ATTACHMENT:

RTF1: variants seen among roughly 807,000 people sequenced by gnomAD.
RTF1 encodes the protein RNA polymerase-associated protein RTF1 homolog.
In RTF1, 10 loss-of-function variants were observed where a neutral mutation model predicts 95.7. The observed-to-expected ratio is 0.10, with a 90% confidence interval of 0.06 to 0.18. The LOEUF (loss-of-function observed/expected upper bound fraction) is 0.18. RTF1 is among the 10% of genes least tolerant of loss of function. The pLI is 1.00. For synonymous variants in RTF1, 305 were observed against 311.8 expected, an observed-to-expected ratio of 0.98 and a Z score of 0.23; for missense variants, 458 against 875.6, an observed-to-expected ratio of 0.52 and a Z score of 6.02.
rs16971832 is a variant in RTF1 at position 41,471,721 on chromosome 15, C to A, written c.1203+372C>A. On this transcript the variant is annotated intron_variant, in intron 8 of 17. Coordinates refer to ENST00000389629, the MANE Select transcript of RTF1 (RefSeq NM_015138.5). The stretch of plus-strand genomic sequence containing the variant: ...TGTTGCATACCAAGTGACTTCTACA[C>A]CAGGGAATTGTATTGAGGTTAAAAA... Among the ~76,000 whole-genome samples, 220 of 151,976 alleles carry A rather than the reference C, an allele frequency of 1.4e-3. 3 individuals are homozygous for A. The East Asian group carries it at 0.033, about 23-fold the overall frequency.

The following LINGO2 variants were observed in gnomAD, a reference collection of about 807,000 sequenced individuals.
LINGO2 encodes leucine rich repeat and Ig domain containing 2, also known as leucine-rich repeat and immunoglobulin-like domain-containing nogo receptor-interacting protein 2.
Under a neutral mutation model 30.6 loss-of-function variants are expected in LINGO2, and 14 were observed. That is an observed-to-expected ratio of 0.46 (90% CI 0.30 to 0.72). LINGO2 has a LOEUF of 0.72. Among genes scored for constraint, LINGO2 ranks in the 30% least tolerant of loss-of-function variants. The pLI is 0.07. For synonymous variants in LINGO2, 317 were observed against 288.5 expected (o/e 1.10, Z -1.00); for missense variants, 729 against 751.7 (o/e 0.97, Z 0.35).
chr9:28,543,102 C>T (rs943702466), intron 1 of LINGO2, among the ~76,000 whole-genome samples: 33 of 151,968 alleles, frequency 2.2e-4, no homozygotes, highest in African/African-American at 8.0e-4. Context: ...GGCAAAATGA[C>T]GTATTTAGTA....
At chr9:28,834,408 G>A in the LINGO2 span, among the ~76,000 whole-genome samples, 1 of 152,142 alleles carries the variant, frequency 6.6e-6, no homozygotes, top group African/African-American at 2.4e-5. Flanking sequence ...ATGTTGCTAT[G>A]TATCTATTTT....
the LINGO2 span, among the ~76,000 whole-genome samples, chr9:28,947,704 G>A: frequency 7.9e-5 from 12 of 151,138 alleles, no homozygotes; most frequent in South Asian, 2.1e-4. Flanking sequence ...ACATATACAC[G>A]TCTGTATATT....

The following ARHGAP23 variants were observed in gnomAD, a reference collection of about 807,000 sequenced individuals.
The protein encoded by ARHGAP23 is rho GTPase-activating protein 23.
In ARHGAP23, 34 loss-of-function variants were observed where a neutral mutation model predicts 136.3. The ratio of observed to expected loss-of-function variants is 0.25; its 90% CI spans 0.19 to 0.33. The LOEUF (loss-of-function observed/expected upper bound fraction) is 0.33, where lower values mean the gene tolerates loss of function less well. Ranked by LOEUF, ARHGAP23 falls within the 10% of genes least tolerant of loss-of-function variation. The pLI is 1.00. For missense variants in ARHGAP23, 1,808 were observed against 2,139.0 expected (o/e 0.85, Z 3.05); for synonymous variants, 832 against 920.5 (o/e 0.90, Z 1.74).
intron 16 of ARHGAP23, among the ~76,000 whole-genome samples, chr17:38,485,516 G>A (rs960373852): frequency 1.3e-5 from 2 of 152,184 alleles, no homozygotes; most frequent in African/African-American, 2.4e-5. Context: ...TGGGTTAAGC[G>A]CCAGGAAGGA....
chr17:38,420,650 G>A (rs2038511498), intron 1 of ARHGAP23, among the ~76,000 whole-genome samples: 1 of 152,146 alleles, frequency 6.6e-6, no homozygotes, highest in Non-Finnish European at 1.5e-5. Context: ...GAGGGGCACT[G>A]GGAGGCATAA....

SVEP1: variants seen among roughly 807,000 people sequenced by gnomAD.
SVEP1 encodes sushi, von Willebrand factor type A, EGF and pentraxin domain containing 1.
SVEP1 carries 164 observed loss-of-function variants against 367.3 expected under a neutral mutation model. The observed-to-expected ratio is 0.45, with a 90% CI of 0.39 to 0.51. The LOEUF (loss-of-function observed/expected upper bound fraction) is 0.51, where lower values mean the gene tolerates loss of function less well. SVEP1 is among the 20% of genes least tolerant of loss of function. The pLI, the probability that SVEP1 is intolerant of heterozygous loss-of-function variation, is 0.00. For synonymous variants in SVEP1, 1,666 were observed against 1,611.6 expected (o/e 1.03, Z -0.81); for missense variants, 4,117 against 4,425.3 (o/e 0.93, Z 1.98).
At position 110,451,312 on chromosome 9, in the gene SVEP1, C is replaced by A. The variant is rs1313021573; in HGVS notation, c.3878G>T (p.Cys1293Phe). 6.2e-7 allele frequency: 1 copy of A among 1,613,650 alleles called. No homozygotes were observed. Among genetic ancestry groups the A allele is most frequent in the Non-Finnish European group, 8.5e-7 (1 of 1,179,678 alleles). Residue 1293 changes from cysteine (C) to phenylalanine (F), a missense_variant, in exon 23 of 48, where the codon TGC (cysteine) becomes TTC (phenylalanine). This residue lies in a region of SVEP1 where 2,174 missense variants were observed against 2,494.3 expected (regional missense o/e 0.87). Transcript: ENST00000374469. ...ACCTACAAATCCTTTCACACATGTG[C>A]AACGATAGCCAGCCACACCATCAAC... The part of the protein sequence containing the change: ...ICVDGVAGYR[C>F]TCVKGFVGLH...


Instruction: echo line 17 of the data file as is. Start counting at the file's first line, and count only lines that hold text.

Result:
SVEP1 encodes sushi, von Willebrand factor type A, EGF and pentraxin domain containing 1.